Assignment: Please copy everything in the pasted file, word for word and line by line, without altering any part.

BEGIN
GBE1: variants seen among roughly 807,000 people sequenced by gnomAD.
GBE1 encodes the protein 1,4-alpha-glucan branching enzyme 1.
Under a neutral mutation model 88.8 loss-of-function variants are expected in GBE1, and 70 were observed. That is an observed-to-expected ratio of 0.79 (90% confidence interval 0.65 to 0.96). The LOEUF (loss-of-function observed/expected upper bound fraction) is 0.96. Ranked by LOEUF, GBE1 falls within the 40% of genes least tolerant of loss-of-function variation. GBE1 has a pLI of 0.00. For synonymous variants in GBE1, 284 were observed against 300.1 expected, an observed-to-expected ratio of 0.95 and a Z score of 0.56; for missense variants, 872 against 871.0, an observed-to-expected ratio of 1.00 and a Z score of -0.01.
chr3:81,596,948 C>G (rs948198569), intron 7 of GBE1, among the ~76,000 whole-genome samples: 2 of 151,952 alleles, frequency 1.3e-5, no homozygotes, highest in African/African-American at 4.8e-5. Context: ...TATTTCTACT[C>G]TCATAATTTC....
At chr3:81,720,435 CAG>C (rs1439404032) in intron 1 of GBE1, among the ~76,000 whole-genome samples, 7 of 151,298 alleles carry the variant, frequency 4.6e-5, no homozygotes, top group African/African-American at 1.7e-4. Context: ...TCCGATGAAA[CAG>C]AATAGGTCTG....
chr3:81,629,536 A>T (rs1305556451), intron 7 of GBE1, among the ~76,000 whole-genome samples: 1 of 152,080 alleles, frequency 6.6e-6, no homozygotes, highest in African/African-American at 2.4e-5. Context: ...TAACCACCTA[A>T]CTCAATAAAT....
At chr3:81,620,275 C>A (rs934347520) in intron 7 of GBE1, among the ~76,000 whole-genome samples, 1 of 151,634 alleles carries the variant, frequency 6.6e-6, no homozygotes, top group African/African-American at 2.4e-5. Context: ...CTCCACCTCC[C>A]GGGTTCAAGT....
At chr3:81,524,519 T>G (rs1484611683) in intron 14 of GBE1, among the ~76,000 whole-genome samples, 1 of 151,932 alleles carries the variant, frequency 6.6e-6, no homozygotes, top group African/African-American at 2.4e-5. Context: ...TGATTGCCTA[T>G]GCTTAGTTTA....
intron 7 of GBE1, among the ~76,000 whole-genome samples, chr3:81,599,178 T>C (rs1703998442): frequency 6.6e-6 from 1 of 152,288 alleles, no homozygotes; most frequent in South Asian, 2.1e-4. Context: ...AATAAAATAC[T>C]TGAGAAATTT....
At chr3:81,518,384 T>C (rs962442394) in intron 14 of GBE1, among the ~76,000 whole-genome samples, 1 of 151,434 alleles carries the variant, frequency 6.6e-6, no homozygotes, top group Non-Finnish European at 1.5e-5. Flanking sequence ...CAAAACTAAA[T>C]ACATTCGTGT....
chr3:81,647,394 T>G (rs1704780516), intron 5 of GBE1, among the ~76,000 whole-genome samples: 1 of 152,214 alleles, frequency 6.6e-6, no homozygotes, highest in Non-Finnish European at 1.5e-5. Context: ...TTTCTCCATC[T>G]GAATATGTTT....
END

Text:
GBE1: variants seen among roughly 807,000 people sequenced by gnomAD.
GBE1 encodes the protein 1,4-alpha-glucan branching enzyme 1.
Under a neutral mutation model 88.8 loss-of-function variants are expected in GBE1, and 70 were observed. That is an observed-to-expected ratio of 0.79 (90% confidence interval 0.65 to 0.96). The LOEUF (loss-of-function observed/expected upper bound fraction) is 0.96. Ranked by LOEUF, GBE1 falls within the 40% of genes least tolerant of loss-of-function variation. GBE1 has a pLI of 0.00. For synonymous variants in GBE1, 284 were observed against 300.1 expected, an observed-to-expected ratio of 0.95 and a Z score of 0.56; for missense variants, 872 against 871.0, an observed-to-expected ratio of 1.00 and a Z score of -0.01.
chr3:81,596,948 C>G (rs948198569), intron 7 of GBE1, among the ~76,000 whole-genome samples: 2 of 151,952 alleles, frequency 1.3e-5, no homozygotes, highest in African/African-American at 4.8e-5. Context: ...TATTTCTACT[C>G]TCATAATTTC....
At chr3:81,720,435 CAG>C (rs1439404032) in intron 1 of GBE1, among the ~76,000 whole-genome samples, 7 of 151,298 alleles carry the variant, frequency 4.6e-5, no homozygotes, top group African/African-American at 1.7e-4. Context: ...TCCGATGAAA[CAG>C]AATAGGTCTG....
chr3:81,629,536 A>T (rs1305556451), intron 7 of GBE1, among the ~76,000 whole-genome samples: 1 of 152,080 alleles, frequency 6.6e-6, no homozygotes, highest in African/African-American at 2.4e-5. Context: ...TAACCACCTA[A>T]CTCAATAAAT....
At chr3:81,620,275 C>A (rs934347520) in intron 7 of GBE1, among the ~76,000 whole-genome samples, 1 of 151,634 alleles carries the variant, frequency 6.6e-6, no homozygotes, top group African/African-American at 2.4e-5. Context: ...CTCCACCTCC[C>A]GGGTTCAAGT....
At chr3:81,524,519 T>G (rs1484611683) in intron 14 of GBE1, among the ~76,000 whole-genome samples, 1 of 151,932 alleles carries the variant, frequency 6.6e-6, no homozygotes, top group African/African-American at 2.4e-5. Context: ...TGATTGCCTA[T>G]GCTTAGTTTA....
intron 7 of GBE1, among the ~76,000 whole-genome samples, chr3:81,599,178 T>C (rs1703998442): frequency 6.6e-6 from 1 of 152,288 alleles, no homozygotes; most frequent in South Asian, 2.1e-4. Context: ...AATAAAATAC[T>C]TGAGAAATTT....
At chr3:81,518,384 T>C (rs962442394) in intron 14 of GBE1, among the ~76,000 whole-genome samples, 1 of 151,434 alleles carries the variant, frequency 6.6e-6, no homozygotes, top group Non-Finnish European at 1.5e-5. Flanking sequence ...CAAAACTAAA[T>C]ACATTCGTGT....
chr3:81,647,394 T>G (rs1704780516), intron 5 of GBE1, among the ~76,000 whole-genome samples: 1 of 152,214 alleles, frequency 6.6e-6, no homozygotes, highest in Non-Finnish European at 1.5e-5. Context: ...TTTCTCCATC[T>G]GAATATGTTT....